But it’s not always easy to be thankful. Many people find personal level thankfulness tough because they don’t have those people, or because of sickness or loss. And when we broaden our reflection – the constant news of violence, strife, corruption, mistreatment, and injustices – there is a lot to make us righteously angry rather than thankful. There is, certainly. And we should be angry.
But I remind myself that, taking a historical view, the present we are living in is actually the best of times for most people. Thanks to science: there are cures for diseases once fatal; conveniences of technology; widely available clean water. Thanks to the EPA, we have cleaner waterways and air. Thanks to civil rights activists and laws: fewer people are enslaved and disenfranchised today; women have more economic and leadership opportunities than ever before; LGBTQ people can marry and serve in the military. Thanks to centuries of laws and policies, every child in the US has access to public education.
Things are better today than they ever have been. There is still a lot to do, absolutely. If you think that enslavement, disenfranchisement, and inequality are a thing of the past, you're wrong. Even basic things like clean water and air are not always guaranteed.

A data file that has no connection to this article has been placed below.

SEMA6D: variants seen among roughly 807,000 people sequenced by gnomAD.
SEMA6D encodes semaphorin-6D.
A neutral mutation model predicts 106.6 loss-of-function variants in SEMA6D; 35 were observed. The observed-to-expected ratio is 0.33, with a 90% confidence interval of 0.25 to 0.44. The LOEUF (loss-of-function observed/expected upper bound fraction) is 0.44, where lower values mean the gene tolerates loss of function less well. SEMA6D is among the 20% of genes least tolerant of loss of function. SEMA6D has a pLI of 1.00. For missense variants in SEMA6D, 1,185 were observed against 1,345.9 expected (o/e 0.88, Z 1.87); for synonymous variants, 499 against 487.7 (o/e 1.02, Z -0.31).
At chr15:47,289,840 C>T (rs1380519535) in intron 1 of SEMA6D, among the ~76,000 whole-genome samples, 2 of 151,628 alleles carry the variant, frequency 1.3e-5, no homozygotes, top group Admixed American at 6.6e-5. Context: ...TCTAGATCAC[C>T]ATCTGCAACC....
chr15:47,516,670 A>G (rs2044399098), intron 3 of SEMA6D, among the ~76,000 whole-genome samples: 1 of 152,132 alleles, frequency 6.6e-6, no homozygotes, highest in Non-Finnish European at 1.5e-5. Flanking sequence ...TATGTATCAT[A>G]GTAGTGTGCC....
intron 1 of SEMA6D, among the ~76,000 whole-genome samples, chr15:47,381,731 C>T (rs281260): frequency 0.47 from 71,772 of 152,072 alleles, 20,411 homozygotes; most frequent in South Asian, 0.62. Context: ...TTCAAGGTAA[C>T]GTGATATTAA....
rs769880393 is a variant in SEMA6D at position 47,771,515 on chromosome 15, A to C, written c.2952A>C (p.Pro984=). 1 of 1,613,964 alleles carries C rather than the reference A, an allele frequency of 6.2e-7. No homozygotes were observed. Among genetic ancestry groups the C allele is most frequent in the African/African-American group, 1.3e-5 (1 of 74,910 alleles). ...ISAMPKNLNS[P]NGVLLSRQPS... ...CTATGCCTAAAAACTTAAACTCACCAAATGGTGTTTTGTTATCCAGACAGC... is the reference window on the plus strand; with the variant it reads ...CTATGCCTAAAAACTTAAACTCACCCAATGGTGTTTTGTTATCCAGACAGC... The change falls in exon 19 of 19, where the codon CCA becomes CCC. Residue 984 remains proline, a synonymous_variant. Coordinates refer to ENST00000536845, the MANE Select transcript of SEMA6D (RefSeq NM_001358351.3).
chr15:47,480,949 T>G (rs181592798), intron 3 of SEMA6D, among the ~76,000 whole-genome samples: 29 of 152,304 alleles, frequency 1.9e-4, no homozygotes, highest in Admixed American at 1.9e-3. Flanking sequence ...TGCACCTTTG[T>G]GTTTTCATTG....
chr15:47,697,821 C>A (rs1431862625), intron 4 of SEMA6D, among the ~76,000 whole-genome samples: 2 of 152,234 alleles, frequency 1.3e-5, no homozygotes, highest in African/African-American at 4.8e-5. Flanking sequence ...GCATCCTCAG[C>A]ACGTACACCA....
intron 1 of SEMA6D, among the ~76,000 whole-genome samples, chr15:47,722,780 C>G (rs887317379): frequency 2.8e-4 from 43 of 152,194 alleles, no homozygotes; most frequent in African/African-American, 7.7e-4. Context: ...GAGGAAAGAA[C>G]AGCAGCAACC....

There is a lot to do, a lot to stand for, and a lot on the line to lose if we do not stand.
We cannot be grateful for the current events flooding our senses these days, but we can be reflective. We can ask ourselves what we can do. We can be activated. And we should. I'm a firm believer that you shouldn't complain about a problem without doing something to address it. My mother taught me that.
Even though I am often easily exhausted these days, I also find it ever so easy to be grateful. (We can be angry and thankful at the same time. These things are not mutually exclusive.)
When I look around, it's easy to see the people doing good. The people standing and fighting to maintain the progress we have made over centuries. The people showing true kindness to one another, not just to those in their immediate families or social circles. The courageous people telling their own stories.